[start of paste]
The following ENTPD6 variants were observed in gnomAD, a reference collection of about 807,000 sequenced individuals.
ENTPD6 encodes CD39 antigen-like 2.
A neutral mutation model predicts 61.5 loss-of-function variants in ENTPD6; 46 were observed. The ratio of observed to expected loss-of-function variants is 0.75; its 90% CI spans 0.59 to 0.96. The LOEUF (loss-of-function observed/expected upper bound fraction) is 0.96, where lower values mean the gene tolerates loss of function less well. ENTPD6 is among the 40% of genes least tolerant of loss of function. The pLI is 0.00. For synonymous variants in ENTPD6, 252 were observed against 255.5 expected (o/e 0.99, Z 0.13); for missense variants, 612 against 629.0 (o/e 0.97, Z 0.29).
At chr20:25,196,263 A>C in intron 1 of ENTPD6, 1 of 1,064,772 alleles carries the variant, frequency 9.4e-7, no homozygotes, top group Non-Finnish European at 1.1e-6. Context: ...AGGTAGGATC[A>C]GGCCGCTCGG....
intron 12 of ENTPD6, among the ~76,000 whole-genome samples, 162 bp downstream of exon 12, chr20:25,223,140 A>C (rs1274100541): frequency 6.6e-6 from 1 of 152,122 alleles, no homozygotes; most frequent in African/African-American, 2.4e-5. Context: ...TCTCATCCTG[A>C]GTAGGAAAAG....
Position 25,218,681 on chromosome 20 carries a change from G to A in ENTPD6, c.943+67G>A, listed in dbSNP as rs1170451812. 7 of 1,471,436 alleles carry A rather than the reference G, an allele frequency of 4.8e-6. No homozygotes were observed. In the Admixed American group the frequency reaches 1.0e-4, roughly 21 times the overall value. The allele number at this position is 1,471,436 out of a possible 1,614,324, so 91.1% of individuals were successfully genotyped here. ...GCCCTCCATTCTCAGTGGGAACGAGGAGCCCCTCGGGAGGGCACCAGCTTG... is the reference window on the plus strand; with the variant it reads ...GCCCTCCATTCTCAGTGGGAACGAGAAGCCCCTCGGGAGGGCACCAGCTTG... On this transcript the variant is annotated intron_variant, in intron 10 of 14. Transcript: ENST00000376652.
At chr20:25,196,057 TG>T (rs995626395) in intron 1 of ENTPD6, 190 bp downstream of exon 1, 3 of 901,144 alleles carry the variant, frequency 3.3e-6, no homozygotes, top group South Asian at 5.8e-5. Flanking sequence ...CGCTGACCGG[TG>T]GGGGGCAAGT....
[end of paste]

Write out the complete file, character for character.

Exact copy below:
The following ENTPD6 variants were observed in gnomAD, a reference collection of about 807,000 sequenced individuals.
ENTPD6 encodes CD39 antigen-like 2.
A neutral mutation model predicts 61.5 loss-of-function variants in ENTPD6; 46 were observed. The ratio of observed to expected loss-of-function variants is 0.75; its 90% CI spans 0.59 to 0.96. The LOEUF (loss-of-function observed/expected upper bound fraction) is 0.96, where lower values mean the gene tolerates loss of function less well. ENTPD6 is among the 40% of genes least tolerant of loss of function. The pLI is 0.00. For synonymous variants in ENTPD6, 252 were observed against 255.5 expected (o/e 0.99, Z 0.13); for missense variants, 612 against 629.0 (o/e 0.97, Z 0.29).
At chr20:25,196,263 A>C in intron 1 of ENTPD6, 1 of 1,064,772 alleles carries the variant, frequency 9.4e-7, no homozygotes, top group Non-Finnish European at 1.1e-6. Context: ...AGGTAGGATC[A>C]GGCCGCTCGG....
intron 12 of ENTPD6, among the ~76,000 whole-genome samples, 162 bp downstream of exon 12, chr20:25,223,140 A>C (rs1274100541): frequency 6.6e-6 from 1 of 152,122 alleles, no homozygotes; most frequent in African/African-American, 2.4e-5. Context: ...TCTCATCCTG[A>C]GTAGGAAAAG....
Position 25,218,681 on chromosome 20 carries a change from G to A in ENTPD6, c.943+67G>A, listed in dbSNP as rs1170451812. 7 of 1,471,436 alleles carry A rather than the reference G, an allele frequency of 4.8e-6. No homozygotes were observed. In the Admixed American group the frequency reaches 1.0e-4, roughly 21 times the overall value. The allele number at this position is 1,471,436 out of a possible 1,614,324, so 91.1% of individuals were successfully genotyped here. ...GCCCTCCATTCTCAGTGGGAACGAGGAGCCCCTCGGGAGGGCACCAGCTTG... is the reference window on the plus strand; with the variant it reads ...GCCCTCCATTCTCAGTGGGAACGAGAAGCCCCTCGGGAGGGCACCAGCTTG... On this transcript the variant is annotated intron_variant, in intron 10 of 14. Transcript: ENST00000376652.
At chr20:25,196,057 TG>T (rs995626395) in intron 1 of ENTPD6, 190 bp downstream of exon 1, 3 of 901,144 alleles carry the variant, frequency 3.3e-6, no homozygotes, top group South Asian at 5.8e-5. Flanking sequence ...CGCTGACCGG[TG>T]GGGGGCAAGT....